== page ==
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No smoke without fire

  • Source: Global Times
  • [08:27 December 28 2010]
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A Shanghai firefighter shoots water at the Jiaozhou building in Jingan district at 3:30 pm on November 15. The fire started about 2:10 pm. Photo: Cai Xianmin

By Liu Dong

Few readers would have noticed a Shanghai newspaper brief mentioning a fire in a Jingan district snooker club on July 25 that almost engulfed the apartments above. There were no reported casualties or injuries.

District chief Zhang Renliang and a dozen officials arrived at the scene on Shimen No.1 Road 90 minutes after the fire started, barking orders at shopkeepers and watching as firefighters finally succeeded in beating back and dousing the flames.

Twenty families moved back home about 9 that evening, some noticeably shaken by events, according to a staff member of the Nanjing Xilu neighborhood committee who refused to be named.

Officials would meet the owner of the snooker club and building tenants and sort out all issues including compensation, Zhang said. All the residents' issues would be addressed, he said.

"We'll do our best to handle the situation," he told the Global Times reporter, "and prevent similar accidents from happening again."

No further information was ever released. What Zhang said that day might well have been forgotten but for the worst fire in half a century of Shanghai history that struck five months later in the same district: Zhang's district.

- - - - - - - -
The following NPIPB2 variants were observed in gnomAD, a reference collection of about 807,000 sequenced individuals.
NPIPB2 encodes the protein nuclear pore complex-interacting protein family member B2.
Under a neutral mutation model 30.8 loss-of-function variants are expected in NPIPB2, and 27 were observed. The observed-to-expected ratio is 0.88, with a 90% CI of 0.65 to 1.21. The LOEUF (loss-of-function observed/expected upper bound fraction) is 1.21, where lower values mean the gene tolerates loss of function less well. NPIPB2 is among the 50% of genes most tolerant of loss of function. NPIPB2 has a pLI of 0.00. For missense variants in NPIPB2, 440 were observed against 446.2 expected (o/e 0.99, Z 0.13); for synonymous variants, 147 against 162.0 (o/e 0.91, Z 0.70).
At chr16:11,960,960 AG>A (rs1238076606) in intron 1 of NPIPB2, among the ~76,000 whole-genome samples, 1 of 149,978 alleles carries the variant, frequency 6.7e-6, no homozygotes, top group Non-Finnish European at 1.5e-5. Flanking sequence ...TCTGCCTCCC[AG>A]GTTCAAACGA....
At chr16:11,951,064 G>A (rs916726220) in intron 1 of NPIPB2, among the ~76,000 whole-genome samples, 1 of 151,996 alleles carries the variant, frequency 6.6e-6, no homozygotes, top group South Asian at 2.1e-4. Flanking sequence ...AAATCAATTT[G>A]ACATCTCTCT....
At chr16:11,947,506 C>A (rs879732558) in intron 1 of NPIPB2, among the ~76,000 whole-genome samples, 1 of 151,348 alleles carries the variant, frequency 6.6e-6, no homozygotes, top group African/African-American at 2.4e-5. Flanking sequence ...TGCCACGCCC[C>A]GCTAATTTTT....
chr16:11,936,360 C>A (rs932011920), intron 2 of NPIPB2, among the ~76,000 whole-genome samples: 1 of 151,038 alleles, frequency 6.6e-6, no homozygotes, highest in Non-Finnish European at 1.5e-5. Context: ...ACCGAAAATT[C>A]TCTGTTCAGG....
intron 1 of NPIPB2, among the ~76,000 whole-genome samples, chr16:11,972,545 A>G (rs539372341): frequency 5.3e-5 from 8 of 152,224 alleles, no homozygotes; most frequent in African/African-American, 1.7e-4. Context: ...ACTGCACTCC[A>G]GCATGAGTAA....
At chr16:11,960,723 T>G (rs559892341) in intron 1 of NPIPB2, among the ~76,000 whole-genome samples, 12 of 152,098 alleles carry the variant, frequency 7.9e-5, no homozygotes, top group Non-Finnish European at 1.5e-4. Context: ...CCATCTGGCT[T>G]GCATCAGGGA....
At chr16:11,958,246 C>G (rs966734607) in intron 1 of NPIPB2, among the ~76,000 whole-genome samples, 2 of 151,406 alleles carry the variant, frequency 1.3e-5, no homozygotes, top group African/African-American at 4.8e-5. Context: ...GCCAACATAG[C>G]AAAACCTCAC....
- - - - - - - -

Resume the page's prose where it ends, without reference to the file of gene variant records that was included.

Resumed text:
City officials had been preparing a victory party to celebrate the completion of the World Expo when 58 people including a Japanese citizen died in the blaze, according to Shanghai government statistics. Seventy-one were recorded as injured, 14 critically and 36 people missing.

Shanghai government refused to disclose a complete list of victims of the five-hour fire even after a private investigation by the activist artist Ai Weiwei identified two more victims on top of the official toll. Death counts are an important and sensitive issue on the Chinese mainland as compensation can be denied victims not on the list.

Liu Yunjie, a 60-year-old retired prosecutor living in Room 1003 on the 10th floor of the Jiaozhou building, called in the fire at 2:10 pm on November 15. His call was "one of the earliest" according to firefighting authorities who later confirmed it had started on Liu's floor.

Liu had knocked on neighbors' doors until it was too late to escape, his neighbors said. When Liu's charred corpse was found in the aisle of the building, it was barely recognizable. His wife Fu Qingxuan, who had been at work when the fire broke out, refused to identify it.

"The fire was not extinguished by firefighters but burned itself out," said a man surnamed Wang from Room 2203, whose wife and mother both died in the fire. He asked the Global Times not to reveal his full name.

"The government has not yet published any official investigation results about why those people died and who should take real responsibility for the fire," said Wang, whose daughter survived.

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